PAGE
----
Automate your eating by planning your meals ahead of time. That way you’re less likely to make an unhealthy last-minute food choice.
Foods with healthy fats such as olives, salmon and walnuts help you feel satisfied.
Skipping meals can cause your body to go into a fat-storing starvation mode, making it harder to burn calories.
Got nuts with nuts. Eating a handful of nuts will help you stay full. Try soaking them in water for a different texture.
Do your grocery shopping with a list and a time limit; that way, you’re less likely to stray into the processed foods section.
Don’t confuse thirst with hunger. Drink a glass of water when you feel hungry to see if that’s what you’re really craving.
When out at a restaurant, ask the server to hold the bread, snack mix or chips and salsa that might come before the meal. If you’re hungry, you’ll be tempted.
Tired of eating your salad on a plate? Fill a whole wheat pita with salad and a splash of lemon for a twist.
You might do better to replace an occasional dinner with a nice roll in the hay. Healthy sex may help control the amount of food you eat and it’s great exercise.
Create emergency packs filled with healthy foods such as nuts, fruits or sliced vegetables to help you avoid unhealthy temptations.
Add red pepper flakes to your pantry. When eaten early in the day, red pepper lowers the amount of food you’ll eat later.
Odds are you’re eating too fast. Try holding a conversation while having a meal so you’re not gulping down more than you need to feel full.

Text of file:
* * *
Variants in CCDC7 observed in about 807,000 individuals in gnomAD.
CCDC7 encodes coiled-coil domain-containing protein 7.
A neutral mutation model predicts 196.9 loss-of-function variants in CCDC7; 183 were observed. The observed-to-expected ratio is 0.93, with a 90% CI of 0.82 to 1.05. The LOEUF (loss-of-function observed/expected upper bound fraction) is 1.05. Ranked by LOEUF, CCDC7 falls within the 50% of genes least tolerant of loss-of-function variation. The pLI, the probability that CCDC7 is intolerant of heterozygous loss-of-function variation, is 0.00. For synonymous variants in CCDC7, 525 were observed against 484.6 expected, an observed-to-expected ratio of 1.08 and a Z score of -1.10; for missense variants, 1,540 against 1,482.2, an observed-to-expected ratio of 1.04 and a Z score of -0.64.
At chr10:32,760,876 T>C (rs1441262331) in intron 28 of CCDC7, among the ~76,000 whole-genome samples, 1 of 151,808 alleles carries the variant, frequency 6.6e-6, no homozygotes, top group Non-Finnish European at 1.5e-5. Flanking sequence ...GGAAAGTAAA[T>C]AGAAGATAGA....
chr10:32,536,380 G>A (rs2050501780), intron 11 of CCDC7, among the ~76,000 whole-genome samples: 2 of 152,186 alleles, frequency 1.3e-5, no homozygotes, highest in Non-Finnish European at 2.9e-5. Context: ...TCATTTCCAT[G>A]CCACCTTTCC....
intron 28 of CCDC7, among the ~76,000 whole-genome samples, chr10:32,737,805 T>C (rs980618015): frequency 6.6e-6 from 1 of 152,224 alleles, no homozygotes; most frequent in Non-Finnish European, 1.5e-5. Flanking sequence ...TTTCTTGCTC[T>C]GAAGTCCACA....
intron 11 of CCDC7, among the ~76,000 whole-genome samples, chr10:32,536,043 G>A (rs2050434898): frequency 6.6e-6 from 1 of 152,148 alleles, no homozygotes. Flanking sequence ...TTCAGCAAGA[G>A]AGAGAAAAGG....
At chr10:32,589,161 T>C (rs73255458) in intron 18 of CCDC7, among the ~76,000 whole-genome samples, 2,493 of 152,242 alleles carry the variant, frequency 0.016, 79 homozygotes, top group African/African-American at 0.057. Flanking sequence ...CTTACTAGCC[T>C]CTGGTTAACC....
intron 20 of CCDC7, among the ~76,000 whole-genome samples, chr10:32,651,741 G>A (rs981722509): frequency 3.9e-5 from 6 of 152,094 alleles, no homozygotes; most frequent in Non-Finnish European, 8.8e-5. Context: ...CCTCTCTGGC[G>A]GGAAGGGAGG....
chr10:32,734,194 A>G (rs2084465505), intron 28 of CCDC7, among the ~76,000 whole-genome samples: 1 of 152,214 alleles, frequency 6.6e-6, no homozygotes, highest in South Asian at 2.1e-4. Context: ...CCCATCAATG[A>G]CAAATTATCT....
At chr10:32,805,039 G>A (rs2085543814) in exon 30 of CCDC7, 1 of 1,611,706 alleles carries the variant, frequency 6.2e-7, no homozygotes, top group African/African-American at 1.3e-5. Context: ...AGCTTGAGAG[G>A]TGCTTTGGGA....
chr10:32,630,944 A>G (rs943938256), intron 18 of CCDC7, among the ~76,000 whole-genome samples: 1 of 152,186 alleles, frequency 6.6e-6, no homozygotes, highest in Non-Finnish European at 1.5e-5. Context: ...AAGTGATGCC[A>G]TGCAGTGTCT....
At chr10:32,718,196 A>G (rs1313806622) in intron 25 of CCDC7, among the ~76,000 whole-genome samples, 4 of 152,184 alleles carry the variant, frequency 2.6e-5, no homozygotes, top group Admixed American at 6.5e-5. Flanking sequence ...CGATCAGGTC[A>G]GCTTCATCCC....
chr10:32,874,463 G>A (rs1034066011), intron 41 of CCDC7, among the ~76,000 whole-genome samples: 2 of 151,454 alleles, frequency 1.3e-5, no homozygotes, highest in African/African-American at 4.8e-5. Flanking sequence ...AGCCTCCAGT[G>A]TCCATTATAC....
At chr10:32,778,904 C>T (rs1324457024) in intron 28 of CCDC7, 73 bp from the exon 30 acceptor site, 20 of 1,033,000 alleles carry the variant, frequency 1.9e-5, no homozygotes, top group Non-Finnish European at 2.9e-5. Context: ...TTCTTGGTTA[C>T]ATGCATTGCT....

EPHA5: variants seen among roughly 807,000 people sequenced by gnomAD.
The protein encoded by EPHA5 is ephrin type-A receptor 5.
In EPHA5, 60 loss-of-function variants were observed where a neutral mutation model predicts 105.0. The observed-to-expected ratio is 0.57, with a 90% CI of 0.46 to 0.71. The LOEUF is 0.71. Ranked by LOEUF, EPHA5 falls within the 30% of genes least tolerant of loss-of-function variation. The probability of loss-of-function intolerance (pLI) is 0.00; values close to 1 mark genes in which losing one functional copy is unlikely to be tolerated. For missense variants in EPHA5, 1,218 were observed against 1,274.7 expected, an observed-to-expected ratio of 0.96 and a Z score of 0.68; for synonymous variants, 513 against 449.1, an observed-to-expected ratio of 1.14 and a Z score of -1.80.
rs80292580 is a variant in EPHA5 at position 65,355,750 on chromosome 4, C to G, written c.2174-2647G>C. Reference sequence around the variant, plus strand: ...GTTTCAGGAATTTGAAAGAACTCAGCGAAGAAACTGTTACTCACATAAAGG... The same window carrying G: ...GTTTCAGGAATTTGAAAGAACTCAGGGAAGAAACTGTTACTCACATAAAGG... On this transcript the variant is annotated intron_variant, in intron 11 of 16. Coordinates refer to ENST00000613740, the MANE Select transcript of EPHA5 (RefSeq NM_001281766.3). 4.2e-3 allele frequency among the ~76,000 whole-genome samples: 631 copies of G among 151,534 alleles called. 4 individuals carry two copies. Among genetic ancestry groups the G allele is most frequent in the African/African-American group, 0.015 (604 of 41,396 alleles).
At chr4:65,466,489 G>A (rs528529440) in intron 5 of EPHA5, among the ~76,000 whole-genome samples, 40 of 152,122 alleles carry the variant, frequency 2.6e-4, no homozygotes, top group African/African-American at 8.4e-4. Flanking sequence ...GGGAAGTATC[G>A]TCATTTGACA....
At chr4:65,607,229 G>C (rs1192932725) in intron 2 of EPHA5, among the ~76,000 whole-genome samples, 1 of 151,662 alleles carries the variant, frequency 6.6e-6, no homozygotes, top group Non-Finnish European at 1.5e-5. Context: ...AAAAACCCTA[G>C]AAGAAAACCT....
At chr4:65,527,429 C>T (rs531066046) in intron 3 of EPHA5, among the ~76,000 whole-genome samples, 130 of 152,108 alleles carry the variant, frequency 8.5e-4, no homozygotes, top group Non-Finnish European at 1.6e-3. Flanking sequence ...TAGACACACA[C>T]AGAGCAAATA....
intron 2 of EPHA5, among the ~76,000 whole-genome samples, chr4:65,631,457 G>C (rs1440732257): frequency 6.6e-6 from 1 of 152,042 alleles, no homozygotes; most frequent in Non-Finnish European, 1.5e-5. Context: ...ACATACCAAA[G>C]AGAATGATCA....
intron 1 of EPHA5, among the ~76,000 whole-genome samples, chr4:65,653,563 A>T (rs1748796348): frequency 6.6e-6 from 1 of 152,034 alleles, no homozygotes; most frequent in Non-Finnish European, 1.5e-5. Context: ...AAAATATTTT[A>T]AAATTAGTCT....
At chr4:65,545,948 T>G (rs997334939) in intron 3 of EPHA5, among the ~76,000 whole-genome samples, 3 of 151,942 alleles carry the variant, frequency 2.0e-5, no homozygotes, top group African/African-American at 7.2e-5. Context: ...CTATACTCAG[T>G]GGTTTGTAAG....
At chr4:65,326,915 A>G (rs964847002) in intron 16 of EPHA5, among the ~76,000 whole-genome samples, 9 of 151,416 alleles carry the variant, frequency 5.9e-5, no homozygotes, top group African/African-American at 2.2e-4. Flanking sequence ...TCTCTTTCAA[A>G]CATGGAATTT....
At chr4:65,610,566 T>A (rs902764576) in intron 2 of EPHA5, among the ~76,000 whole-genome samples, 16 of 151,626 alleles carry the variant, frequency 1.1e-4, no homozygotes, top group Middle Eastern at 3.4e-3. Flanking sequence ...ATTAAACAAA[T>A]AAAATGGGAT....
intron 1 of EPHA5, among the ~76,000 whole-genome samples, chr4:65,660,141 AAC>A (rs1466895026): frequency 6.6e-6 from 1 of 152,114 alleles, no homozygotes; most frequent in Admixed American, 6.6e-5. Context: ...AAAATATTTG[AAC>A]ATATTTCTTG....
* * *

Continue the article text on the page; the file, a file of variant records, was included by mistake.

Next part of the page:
Take a brisk walk before lunch or dinner. Not only will you get in some exercise, you’re less likely to choose something unhealthy after a little movement.
Are your dishes too big? A healthy dinner should fit on a 9-inch plate. You may find that kid-sized plates are more appropriately sized to feed an adult!
Boost your metabolism with some green tea or chili peppers.
Get your Zzzzzs. Sleep deprivation alters levels of hormones in the body that regulate hunger, causing an increase in appetite.
Muscle burns at least four times as many calories as fat does, so try twenty minutes of strength straining two to three times a week.
Eating liquid-based foods such as natural smoothies and low-sodium soup can help you cut back on calories yet feel full.
A pedometer can help keep track of your steps. If you’re not getting 10,000 steps a day, you’re not moving enough.
Take every opportunity to move around, even in small ways. Studies show fidgety people tend to be skinnier.
Identify the emotional triggers that lead you to seek unhealthy comfort food. Picture your goal weight the next time a trigger strikes to help you resist temptation.
Use a vegetable bean dip such as hummus instead of ranch dressing or a fatty cream-based dip.
People who regularly weigh themselves and keep track of their progress in a journal are more likely to lose weight.
Use a dash of cinnamon to give fruits such as bananas and melons a richer dessert feel without the sugar.
Give your protein extra low-calorie flavor by adding a salsa or chutney instead of a gooey cream sauce.
Distracted dining will get you in trouble. Avoid eating in front of a television or in a movie theater, as you’re bound to consume more calories.
Pass on pop. You’ll be amazed by how much weight you drop by simply switching to water.
Beware of “fat-free” or “zero trans fats” foods as you could be trading fats for huge amounts of sugar or sodium.
Always have vegetables on hand. Saute a big bag of frozen mixed vegetables in olive oil and garlic. Add some red pepper or turmeric for additional flavor and separate into portion-sized containers for the fridge.
Edamame (soy beans) are a great low-cost snack. Look for them in the frozen foods section.
Soups can be both filling and comforting. Try making a garden or bean soup with low-salt broth and store in portion-sized cups for later.
Save time and money during the week by buying lean protein such as chicken breasts in bulk and cooking a week’s worth on Sunday night.